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Does Hip Hop Need More Ghostwriters?

Submitted by on January 10, 2010 – 11:08 pmOne Comment

With hip hop suffering from a quite noticeable lack of creativity these days, one “hip-hoppreneur” seems to have found a potential solution. Find out what he suggests after the jump.

Cedric Muhammad

Cedric Muhammad – a well-known entrepreneur, economist, political strategist, author, and former journalist – suggests that rappers should utilize the talents of ghostwriters in efforts to spur their creativity and develop more original song content and concepts.

Muhammad writes a weekly column for AllHipHop.com, where he shared his insightful musings on the urban art form.

When people complain about the state of lyrics in rap music today and even ask me why I think it has been so long since more mature, socially relevant, and conscious lyrics were common place, along with the usual industry and radio politics 101 I run down, I have a standard statement, ‘Not enough ghost-writing in the game.’

And when I say ghostwriting I don’t mean just bringing in a talented kid off the block who can be exploited every time you are too weeded out or lazy to write rhymes on your own, like you should.

No, what I mean by the statement, ‘Not enough ghost-writing in the game,’ is not that rappers should no longer write their own rhymes, but rather, more of them need to open up the creative process of song-writing to input from others – whether fellow artists, educators, or marketing advisers – which would allow their minds to expand, and with it, their lyrical content and audience.

I think Mr. Muhammad is making an excellent point here (and no, I’m not just saying this because such an opportunity would be a dream job for me). How many times have you thought of concepts that would make great songs, or similar (or vastly different) artists who seem as though they would make great collaborations together? What if it were your job to dream up song topics, ideas, and potential collaborators – like a song or album manager?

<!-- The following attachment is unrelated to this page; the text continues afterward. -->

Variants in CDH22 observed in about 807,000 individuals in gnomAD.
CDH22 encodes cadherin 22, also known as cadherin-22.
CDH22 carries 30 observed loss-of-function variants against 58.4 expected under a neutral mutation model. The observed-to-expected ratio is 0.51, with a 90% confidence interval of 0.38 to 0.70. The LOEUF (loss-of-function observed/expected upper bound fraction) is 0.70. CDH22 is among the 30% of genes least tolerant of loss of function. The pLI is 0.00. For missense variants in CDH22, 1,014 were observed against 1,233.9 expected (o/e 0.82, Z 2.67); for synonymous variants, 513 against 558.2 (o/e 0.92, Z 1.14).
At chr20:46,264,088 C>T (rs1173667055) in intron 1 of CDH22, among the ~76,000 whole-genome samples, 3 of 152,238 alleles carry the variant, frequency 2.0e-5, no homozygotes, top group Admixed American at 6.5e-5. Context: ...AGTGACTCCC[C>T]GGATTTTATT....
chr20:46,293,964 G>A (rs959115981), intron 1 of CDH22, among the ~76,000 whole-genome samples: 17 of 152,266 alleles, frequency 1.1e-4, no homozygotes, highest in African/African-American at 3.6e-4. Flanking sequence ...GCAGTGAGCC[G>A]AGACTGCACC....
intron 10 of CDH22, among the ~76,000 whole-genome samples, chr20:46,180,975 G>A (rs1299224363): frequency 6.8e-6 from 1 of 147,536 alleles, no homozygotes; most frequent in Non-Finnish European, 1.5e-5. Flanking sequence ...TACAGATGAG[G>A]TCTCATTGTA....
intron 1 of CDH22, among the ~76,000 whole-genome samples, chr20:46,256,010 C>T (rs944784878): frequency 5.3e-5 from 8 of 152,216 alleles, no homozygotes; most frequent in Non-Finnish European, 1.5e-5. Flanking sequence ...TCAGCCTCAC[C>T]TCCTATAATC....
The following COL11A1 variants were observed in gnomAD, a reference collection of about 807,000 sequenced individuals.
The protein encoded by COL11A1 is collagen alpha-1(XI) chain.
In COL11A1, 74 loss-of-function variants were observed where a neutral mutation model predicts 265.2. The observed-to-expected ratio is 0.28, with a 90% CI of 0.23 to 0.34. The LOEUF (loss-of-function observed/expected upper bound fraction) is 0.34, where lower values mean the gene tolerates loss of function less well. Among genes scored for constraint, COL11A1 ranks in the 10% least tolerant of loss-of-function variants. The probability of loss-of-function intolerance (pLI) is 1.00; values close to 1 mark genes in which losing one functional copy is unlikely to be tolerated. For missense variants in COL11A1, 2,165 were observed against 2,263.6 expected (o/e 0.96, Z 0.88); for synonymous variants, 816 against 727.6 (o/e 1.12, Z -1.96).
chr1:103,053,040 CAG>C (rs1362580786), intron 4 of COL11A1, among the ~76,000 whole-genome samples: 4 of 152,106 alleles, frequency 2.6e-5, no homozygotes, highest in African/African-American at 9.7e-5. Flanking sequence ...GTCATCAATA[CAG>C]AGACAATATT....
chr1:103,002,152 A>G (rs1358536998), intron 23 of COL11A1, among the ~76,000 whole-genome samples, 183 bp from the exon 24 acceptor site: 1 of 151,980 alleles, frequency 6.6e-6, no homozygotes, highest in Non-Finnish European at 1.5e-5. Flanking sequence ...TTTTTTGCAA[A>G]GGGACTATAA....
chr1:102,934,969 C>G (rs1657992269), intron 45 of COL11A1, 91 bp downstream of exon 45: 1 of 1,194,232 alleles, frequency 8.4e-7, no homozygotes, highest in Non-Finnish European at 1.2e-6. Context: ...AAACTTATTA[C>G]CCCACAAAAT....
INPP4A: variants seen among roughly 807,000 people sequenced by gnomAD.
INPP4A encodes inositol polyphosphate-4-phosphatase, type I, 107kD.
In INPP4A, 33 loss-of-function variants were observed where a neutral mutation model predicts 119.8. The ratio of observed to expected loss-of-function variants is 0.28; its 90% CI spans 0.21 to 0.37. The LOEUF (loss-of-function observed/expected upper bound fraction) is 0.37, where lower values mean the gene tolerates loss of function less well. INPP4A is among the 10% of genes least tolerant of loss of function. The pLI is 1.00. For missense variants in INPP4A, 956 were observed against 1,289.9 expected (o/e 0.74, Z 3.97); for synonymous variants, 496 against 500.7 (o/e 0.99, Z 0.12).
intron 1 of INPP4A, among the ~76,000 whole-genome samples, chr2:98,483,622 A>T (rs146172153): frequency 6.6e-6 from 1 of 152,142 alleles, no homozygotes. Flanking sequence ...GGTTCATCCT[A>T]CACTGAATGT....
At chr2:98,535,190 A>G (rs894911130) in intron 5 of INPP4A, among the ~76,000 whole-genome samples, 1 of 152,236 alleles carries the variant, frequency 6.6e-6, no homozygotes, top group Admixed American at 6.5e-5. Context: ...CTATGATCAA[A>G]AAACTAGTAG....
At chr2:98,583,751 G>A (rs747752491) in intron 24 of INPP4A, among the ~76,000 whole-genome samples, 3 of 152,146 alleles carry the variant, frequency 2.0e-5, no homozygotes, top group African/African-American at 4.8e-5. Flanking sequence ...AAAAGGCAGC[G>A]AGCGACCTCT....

Oh, the possibilities.

Muhammad goes on to note the many other successful artists whose careers have gone “to the next level” largely due to individuals or teams of writers.

“Just look at Michael Jackson. He was certainly capable of writing his own material, but would it have been as good as the stuff he created with the help of songwriter Rod Temperton and composer-arranger-producer Quincy Jones?

This is one of the main points I stressed in what I wrote of how incredible an artist like Beanie Sigel could be if a unique team of writers, researchers, and producers could be put together by a master song arranger like 50 Cent.

Again, Beanie Sigel can write his own material – and great stuff (he actually would be a great ‘ghost-writer’ for others).

But just imagine how much broader, risky, relevant, and topical his material could be if he had a creative team around him who could bring him concepts, information, and drafter material.

Not to mention that at a time when everyone is struggling to find additional ways to make money, song-writing could hold the key to multiple streams of income, for rappers considered washed up, in terms of sound and image (they could now boost their publishing income) and ambitious artists who just don’t have the ‘look’ or image necessary to be big (you know the old saying – ‘you have a great face for radio!’).”

The opportunities don’t merely mean more sales for record labels and individual artists, they also mean more sources of income within hip hop for those who may not be ready for the game. Look at Keri Hilson, Ne-Yo, and Sean Garrett, urban songwriters who released their own musical projects after proving themselves with the pen first.

The key to true solutions will always be collaboration. To put things simply, “two heads are better than one.” Should we reach a point that we realize this fundamental concept and take advantage of the possibilities such a realization could bring, hip hop will officially be revived and rejuvenated.

Such a movement in hip hop could mean a renewed fervor among artists as well as more consumer loyalty and excitement. Of course, those key components may make for higher record sales (and less bootlegging, downloading, and file sharing, too).

To sum it all up, collaborations can lead to a renewed commitment – in our struggling genre – to artistry, which could rejuvenate the music as well as the industry that we call hip hop.

I certainly hope the record labels are taking note.

I happen to be available and my salary is negotiable.

Do rappers need to rely on ghostwriters and “song managers?” What topics and collaborations would you suggest to your favorite artists? Share your thoughts in the comments section!

Main Image: The Radio Mall

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